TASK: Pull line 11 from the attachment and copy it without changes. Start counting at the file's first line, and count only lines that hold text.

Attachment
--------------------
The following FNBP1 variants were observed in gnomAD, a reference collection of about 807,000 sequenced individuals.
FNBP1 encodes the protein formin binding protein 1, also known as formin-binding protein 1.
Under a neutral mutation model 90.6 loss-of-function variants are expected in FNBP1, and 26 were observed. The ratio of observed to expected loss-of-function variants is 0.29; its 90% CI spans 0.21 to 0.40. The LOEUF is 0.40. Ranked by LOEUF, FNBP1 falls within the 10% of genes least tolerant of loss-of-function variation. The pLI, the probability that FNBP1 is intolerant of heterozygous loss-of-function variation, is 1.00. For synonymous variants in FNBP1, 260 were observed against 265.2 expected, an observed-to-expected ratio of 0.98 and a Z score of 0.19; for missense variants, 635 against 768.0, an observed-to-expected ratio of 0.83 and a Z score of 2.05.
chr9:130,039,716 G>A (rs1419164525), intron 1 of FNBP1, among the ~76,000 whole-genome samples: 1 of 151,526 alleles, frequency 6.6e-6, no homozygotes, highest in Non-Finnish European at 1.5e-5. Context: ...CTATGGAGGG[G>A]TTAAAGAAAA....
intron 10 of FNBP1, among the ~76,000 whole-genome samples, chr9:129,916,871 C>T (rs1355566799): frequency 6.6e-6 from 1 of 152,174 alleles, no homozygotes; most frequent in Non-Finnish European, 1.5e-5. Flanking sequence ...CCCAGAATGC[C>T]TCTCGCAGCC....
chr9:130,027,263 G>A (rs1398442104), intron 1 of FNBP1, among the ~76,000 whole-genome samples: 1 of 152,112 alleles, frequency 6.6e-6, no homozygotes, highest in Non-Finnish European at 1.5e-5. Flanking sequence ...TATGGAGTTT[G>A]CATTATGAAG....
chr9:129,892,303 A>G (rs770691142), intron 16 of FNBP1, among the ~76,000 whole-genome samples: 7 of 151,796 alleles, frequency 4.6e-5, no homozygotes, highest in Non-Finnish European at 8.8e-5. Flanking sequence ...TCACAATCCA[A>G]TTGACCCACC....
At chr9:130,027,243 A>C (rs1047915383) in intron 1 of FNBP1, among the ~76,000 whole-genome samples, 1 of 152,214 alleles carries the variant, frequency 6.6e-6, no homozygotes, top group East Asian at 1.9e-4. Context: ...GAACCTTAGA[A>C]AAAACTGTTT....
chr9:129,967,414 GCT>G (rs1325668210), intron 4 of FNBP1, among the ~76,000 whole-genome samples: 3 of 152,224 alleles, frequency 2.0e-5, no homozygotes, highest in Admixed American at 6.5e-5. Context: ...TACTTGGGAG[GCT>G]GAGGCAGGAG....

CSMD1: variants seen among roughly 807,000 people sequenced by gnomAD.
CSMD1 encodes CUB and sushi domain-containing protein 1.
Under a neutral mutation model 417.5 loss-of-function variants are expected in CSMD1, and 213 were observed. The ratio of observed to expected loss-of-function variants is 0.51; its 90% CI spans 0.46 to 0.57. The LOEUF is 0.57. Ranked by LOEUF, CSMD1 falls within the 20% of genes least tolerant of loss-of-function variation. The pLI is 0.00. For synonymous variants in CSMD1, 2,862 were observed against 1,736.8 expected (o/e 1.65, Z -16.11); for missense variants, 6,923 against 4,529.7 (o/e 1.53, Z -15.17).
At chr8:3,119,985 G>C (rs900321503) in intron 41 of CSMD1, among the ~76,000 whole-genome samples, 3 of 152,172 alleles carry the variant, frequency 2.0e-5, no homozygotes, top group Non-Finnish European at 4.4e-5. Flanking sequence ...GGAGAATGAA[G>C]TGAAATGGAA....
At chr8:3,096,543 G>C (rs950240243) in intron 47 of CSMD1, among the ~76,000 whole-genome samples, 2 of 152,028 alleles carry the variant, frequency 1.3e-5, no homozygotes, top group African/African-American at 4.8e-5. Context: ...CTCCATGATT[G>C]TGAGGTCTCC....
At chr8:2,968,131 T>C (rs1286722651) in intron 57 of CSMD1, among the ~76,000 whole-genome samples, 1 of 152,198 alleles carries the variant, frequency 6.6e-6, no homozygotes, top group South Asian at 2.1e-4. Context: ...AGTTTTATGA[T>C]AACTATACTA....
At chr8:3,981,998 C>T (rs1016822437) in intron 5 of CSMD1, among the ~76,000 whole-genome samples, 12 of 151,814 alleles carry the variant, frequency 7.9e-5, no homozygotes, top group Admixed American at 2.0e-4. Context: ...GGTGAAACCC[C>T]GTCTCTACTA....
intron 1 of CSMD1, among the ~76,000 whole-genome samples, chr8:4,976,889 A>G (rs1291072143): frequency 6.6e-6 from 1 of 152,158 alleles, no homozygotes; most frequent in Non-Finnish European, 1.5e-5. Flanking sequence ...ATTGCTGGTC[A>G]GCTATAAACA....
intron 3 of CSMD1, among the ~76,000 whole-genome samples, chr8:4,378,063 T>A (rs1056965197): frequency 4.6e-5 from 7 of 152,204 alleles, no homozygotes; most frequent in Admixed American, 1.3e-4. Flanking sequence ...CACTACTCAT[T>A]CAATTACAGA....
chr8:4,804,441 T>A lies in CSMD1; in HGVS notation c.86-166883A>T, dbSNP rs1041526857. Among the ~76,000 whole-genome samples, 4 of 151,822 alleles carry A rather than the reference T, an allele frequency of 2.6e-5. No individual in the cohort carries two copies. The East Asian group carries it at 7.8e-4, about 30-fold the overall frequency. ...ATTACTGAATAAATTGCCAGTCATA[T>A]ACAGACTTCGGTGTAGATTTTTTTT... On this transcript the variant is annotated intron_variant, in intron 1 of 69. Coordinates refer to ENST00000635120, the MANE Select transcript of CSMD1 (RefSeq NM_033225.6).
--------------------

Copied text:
CSMD1 encodes CUB and sushi domain-containing protein 1.